With the increasing reliance on mobile devices for various transactions, the threat of mobile fraud has become a significant concern for individuals and businesses.
A recent study by the Financial Institutions Training Centre (FITC) reveals that mobile fraud accounted for the highest amount of money lost through fraud by Nigerian banks in the first quarter of 2023.
“In the first three months of 2023, mobile fraud rose by N1.1 billion, an 18.3 percent increase from N938 million reported in the fourth quarter of 2022,” it said.
The report indicates that the rapid growth of mobile banking and digital transactions provides more opportunities for fraudsters to exploit security vulnerabilities.
What is mobile fraud?
Mobile fraud refers to any deceptive activity or unauthorised transaction conducted through a mobile device. Common examples include identity theft, phishing scams, and the distribution of counterfeit mobile applications.
Fraudsters often exploit vulnerabilities in mobile operating systems and applications to gain access to sensitive information, causing substantial financial and reputational damage to their victims.
How does mobile fraud happen?
The increase in mobile fraud attempts is due to several factors such as the lack of device security and the theft of mobile phones or credit cards.
However, these scams happen in basically three ways: phishing, public WiFi or fake websites and apps from online platforms.
When you install a fake app on your phone, for example, it automatically downloads a virus. This way, the fake pages display unmissable offers and, by simulating the purchase, it offers only the option of paying by credit card, and this time is when the data is stolen.
Phishing is a type of attack that usually starts with an email requesting a click to activate a particular page or access (from a bank, for example) and when you click, you are redirected to a fake page that asks for your data.
Mobile fraud via public WiFi happens when a person connected to the same network as you has bad intentions and performs the attack in real-time, directing you to a fake website to be able to access your personal or credit card data.
How to protect yourself from mobile fraud?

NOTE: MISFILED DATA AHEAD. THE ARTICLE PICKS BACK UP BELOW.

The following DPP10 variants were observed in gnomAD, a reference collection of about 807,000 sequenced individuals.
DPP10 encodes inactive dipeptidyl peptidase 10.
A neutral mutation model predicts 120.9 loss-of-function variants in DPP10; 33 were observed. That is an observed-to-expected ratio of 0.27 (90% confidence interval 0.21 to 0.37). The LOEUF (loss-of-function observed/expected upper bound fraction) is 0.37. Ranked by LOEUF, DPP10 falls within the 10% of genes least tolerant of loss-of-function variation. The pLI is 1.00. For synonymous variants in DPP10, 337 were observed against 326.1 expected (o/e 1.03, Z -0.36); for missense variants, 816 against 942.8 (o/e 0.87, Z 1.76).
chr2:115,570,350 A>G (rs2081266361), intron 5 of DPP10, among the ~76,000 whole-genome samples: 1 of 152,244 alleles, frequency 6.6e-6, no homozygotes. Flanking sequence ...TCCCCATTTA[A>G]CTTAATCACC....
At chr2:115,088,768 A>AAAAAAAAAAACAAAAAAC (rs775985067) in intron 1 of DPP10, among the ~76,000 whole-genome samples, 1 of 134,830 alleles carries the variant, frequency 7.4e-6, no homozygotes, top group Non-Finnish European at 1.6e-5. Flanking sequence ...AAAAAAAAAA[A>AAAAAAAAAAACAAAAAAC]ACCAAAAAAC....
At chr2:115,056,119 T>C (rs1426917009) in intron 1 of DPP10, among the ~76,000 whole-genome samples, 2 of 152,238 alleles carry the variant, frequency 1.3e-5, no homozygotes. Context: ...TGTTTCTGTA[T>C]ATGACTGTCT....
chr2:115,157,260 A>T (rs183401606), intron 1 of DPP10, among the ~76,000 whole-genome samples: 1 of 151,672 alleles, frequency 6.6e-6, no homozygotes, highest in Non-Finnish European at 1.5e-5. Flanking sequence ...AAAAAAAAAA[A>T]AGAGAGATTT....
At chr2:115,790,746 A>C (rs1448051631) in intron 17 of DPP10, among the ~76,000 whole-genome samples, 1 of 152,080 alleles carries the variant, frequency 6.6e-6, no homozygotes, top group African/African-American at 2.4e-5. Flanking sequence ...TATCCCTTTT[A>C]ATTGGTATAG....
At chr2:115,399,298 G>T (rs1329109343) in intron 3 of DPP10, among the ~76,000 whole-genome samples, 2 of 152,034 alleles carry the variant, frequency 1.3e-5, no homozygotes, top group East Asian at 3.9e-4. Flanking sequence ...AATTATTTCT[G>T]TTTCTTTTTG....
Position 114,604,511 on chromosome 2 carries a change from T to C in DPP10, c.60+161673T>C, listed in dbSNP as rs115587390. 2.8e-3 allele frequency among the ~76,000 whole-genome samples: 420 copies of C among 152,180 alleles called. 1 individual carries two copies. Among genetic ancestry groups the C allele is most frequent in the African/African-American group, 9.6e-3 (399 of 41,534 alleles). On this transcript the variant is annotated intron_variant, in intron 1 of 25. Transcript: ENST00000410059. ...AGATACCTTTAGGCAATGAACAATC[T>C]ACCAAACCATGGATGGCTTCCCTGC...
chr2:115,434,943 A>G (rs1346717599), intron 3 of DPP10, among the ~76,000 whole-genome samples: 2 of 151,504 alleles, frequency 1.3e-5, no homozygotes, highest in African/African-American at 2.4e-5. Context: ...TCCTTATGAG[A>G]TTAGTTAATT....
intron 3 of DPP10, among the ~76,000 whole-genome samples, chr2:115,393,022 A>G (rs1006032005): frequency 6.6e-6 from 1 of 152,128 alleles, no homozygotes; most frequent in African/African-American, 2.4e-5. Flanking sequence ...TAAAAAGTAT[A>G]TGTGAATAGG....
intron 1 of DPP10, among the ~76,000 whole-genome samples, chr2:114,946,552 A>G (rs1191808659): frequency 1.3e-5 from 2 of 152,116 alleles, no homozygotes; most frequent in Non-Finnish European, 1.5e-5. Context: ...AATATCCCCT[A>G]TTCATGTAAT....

•Use verified apps only
Mobile apps have changed the way we shop and transact. Every time you install an app on your device, make sure you are using a verified app.
•Browse on authorised websites only
Beware of imposter websites that may look professional or carry the same domain name as the original one in the URL. Look for “https://” before “www” and the lock icon on the address bar of your browser.
•Use secure connections only
The urge to use free WiFi at a cafe, hotel lounge or airport can also lead to financial fraud. Avoid using public hotspots for making a financial transaction.
•Use strong passwords
Update your PC/laptop and mobile security to prevent online mishappenings. Also, always set up strong passwords with a combination of special characters, letters, numbers and upper and lowercase. Don’t forget to change the passwords on a regular basis.
•Don’t share personal information with anyone
Never share your personal information online or offline, unless you are absolutely sure about the authenticity of the representative. There can be a possible scammer hiding behind a stranger or any third party posing as an executive from a bank or financial institution.
•Never click on suspicious links on SMS or emails
Link baiting, spurious emails and SMS are the most common forms of trapping people into fraud. These links may seem genuine and attract your attention with claims of a lottery or a job overseas. Do not follow any such links, as they may lead you to a phishing site and rob you of your mobile’s security features.